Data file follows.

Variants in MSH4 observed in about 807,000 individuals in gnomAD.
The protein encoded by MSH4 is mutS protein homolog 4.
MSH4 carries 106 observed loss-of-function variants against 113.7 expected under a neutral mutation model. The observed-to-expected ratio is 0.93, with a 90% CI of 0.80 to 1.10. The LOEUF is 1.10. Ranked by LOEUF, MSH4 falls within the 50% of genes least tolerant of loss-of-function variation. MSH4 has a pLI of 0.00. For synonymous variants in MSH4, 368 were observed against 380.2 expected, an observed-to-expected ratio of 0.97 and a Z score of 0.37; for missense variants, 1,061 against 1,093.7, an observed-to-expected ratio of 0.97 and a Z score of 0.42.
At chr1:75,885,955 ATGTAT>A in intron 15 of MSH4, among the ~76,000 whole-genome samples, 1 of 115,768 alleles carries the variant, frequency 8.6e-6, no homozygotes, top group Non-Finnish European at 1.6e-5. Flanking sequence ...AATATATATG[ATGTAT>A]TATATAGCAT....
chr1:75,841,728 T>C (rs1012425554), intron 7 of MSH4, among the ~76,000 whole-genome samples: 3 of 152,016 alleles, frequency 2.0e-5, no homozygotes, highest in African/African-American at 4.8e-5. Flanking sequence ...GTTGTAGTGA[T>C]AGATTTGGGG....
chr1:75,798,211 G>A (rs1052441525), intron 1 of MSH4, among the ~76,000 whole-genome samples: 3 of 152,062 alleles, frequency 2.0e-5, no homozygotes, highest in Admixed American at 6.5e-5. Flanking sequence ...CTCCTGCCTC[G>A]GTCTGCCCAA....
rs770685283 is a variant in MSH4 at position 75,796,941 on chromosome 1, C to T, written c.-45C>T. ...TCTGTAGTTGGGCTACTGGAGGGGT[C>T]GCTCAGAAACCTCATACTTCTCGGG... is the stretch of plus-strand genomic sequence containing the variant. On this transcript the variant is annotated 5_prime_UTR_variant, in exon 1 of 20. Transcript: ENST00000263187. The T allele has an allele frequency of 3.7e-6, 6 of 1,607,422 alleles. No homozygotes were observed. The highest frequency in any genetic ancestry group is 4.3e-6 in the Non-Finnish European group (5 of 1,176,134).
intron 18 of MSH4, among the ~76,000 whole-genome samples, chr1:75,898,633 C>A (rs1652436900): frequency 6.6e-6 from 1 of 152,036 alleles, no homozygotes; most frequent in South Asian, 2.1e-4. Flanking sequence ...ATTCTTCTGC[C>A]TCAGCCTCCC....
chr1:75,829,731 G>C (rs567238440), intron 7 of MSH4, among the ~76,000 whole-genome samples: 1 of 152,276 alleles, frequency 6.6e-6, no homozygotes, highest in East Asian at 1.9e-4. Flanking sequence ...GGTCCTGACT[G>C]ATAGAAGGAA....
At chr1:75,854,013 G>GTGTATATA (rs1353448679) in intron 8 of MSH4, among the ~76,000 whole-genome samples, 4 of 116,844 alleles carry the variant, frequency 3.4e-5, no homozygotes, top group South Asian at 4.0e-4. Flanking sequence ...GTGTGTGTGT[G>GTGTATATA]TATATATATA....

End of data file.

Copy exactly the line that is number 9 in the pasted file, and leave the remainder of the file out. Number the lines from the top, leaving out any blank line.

chr1:75,829,731 G>C (rs567238440), intron 7 of MSH4, among the ~76,000 whole-genome samples: 1 of 152,276 alleles, frequency 6.6e-6, no homozygotes, highest in East Asian at 1.9e-4. Flanking sequence ...GGTCCTGACT[G>C]ATAGAAGGAA....